Many daffodils have the ability to grow and flower well for several years. As time passes, though, you may decide that a planting needs to be moved to another part of the garden or landscape.
Even if a daffodil doesn’t need to be moved, you may determine that it needs to be divided: lifted from the soil, thinned, and replanted, the excess bulbs planted elsewhere or given away. If you note that flowering has declined but foliage growth is lush, your daffodil may be trying to tell you that its bulbs have become crowded. Another possible sign that division may be needed: The foliage collapses after it rains or on a warm day and struggles to pick itself back up.
Whether you’re moving or dividing, the technique is the same. All you need for the job is standard garden tools and a healthy dose of elbow grease.
The ideal time to move or divide daffodils is when the foliage has collapsed and has turned mostly but not completely brown. For most daffodils, this time comes in late spring or early summer. By then the bulbs have stored up the energy they need to grow and bloom again next spring, but the leaves are still there to tell you where the bulbs are. And if the leaves are still attached to the bulbs, they help you track down the bulbs as you dig.
What if you can’t or don’t want to wait until the ideal time? Daffodils can be lifted any time after bloom. Truth be told, they can be moved while they are in bloom. Dig with care to ensure that the foliage is not cut or pulled away from the bulbs. Replant immediately and water thoroughly. Daffodils moved while “in the green” may not be happy about the disruption. They will likely flop and turn brown prematurely. But chances are very good that they will survive the experience; many will bloom the following spring.
Note: The following instructions assume that you have waited until the foliage is brown or nearly brown before lifting daffodils.
Lifting the Bulbs
Digging, like planting, requires effort and some determination. Obvious as it may seem, you want to start digging on one side of the planting and work your way to the other. Your tool of choice will depend on your soil type—shovel, pick or dynamite, as the case may be. If you are serious about extricating every bulb, the job is best done while kneeling. One of those miniature shovels found at garden centers and home and hardware stores comes in handy for close work. Place the bulbs in a bucket or basket as you lift them. Leave any foliage that does not come free during digging attached to the bulbs.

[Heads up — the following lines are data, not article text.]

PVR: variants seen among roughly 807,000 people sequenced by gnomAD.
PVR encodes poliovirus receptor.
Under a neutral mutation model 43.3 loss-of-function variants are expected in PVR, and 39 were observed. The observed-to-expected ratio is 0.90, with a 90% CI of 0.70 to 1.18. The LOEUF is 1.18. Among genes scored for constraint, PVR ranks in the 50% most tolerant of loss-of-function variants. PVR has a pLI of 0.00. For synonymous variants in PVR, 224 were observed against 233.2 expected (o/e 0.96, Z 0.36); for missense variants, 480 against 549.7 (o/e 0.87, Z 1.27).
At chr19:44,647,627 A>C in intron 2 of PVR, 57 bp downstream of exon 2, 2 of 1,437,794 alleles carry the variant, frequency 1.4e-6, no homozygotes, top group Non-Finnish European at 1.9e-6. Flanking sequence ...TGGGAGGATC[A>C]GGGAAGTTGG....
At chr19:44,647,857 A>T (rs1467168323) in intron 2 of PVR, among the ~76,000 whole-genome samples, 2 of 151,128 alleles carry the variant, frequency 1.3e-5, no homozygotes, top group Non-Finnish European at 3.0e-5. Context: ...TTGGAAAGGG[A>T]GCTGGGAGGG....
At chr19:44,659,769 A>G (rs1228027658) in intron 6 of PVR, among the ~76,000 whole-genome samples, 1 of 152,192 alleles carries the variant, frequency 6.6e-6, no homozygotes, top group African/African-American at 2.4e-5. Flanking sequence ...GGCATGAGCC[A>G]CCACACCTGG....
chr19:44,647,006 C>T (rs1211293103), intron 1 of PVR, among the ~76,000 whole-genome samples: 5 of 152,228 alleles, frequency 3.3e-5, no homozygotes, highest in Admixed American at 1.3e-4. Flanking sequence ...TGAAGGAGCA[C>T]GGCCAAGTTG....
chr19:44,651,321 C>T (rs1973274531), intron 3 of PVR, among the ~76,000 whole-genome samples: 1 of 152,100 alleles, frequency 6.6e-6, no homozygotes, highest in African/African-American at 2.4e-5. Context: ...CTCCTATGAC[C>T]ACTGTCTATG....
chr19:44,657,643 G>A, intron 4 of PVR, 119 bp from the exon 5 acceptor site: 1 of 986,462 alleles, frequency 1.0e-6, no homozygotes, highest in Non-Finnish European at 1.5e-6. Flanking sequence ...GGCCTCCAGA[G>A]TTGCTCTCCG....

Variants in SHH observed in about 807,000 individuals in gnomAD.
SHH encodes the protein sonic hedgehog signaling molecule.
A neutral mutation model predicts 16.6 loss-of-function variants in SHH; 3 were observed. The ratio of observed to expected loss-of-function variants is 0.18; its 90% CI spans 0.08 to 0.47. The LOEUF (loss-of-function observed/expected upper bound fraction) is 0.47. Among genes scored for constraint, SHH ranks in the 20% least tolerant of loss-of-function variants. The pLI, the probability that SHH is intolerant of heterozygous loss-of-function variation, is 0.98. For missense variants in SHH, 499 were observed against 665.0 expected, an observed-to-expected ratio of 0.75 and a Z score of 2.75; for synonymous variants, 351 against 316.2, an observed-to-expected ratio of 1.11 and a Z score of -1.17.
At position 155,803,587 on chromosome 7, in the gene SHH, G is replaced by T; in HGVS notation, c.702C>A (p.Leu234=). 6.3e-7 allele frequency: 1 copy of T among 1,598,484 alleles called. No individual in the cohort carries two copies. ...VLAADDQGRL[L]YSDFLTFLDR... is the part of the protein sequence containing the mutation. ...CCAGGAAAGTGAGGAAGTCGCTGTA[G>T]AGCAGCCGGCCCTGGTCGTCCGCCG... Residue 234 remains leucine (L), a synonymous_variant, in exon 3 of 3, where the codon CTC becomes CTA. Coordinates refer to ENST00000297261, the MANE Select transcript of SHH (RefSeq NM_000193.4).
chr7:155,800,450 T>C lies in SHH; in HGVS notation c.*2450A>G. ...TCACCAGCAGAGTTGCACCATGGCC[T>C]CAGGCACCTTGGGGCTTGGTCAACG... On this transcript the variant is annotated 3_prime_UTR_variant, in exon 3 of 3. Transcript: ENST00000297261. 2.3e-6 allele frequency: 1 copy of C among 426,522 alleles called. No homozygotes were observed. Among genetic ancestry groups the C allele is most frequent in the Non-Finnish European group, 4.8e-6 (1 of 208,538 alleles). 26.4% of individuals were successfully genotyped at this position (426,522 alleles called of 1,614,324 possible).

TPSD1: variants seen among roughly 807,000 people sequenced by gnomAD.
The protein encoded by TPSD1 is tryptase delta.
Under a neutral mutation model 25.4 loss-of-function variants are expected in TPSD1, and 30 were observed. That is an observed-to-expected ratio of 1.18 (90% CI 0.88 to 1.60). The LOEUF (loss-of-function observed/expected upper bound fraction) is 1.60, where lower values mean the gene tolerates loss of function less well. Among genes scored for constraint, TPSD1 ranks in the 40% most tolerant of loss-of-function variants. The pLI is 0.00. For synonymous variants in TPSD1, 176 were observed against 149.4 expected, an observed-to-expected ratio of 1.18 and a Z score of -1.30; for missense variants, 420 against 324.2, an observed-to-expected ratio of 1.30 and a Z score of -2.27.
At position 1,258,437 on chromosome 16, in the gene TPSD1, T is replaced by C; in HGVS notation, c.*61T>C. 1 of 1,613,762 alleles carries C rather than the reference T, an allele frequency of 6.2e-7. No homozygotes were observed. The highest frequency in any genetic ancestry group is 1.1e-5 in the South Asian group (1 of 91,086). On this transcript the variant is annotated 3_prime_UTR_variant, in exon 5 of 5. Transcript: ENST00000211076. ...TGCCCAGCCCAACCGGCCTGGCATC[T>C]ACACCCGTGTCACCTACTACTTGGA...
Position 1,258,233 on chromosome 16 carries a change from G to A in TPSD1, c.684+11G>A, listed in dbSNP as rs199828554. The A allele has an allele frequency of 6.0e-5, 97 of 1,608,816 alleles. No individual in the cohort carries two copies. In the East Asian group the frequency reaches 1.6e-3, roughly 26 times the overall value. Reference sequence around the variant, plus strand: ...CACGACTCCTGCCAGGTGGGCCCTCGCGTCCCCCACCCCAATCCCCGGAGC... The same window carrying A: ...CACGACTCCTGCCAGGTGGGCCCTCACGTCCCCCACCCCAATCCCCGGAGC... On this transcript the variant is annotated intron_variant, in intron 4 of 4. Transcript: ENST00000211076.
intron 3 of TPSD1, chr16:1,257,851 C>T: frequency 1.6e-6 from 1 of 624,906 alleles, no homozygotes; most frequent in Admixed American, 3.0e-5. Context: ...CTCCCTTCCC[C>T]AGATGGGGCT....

It is inevitable that you will slice at least one bulb while digging. A bulb can survive a small nick. If you cut a bulb in half, it’s not worth the trouble to save it. Put it on the compost pile.
Immediate Replanting vs. Summer Storage
Once you have exhumed the bulbs, you have two choices: replant them immediately or store them for replanting in the fall. If you decide to replant right away, and foliage is still attached to some of the bulbs, leave it in place. Plant the bulbs the usual 4–6” deep. Then water thoroughly. One soaking is enough.
If you prefer instead to store the bulbs over summer and replant them in the fall, begin by drying the bulbs. Lay them—out of the weather—on sheets of newspaper for a week or so. Leave any attached foliage intact. When the leaves have turned brown and crispy, cut them away and gently brush chunks of soil from the bulbs with your fingers. (There is no need to be fastidious in your cleaning; do not wash the bulbs.) Store the bulbs in mesh bags (old Colorblends bags are perfect for this) in a dry, well-ventilated place. If you have an unfinished basement, you can suspend the bags from floor joists; a fan is a good way to keep the air moving. If you don’t have a basement, a garage can serve, as long as it doesn’t get too hot inside. Also suitable: a carport or other outdoor covered space. Daffodils in storage appreciate fresh air.
Important: Be sure to (1) label the bags with the variety name or a color description (you will not remember what’s in the bag three, four or five months later) and (2) mark your calendar or add a reminder on your phone to replant the bulbs in the fall. The bulbs must be planted again in the fall. They cannot wait until the following year.
Summer storage. Bulbs should be stored over the summer in a reasonably cool and dry location, such as a basement or carport. Air circulation—natural or mechanical—helps keep fungus at bay. The bulbs MUST be replanted in fall. Mark your calendar!
Replanting Stored Bulbs
When fall comes back around, plant the bulbs as though you had just purchased them, 4-6” deep—deeper for large bulbs, not-so-deep for small ones. You will likely find that some bulbs have not survived storage. If a bulb is soft, it is dead. Don’t waste your time planting it. And if you don’t have the space or the energy to replant all of the bulbs? That’s easy: Share the wealth with a friend.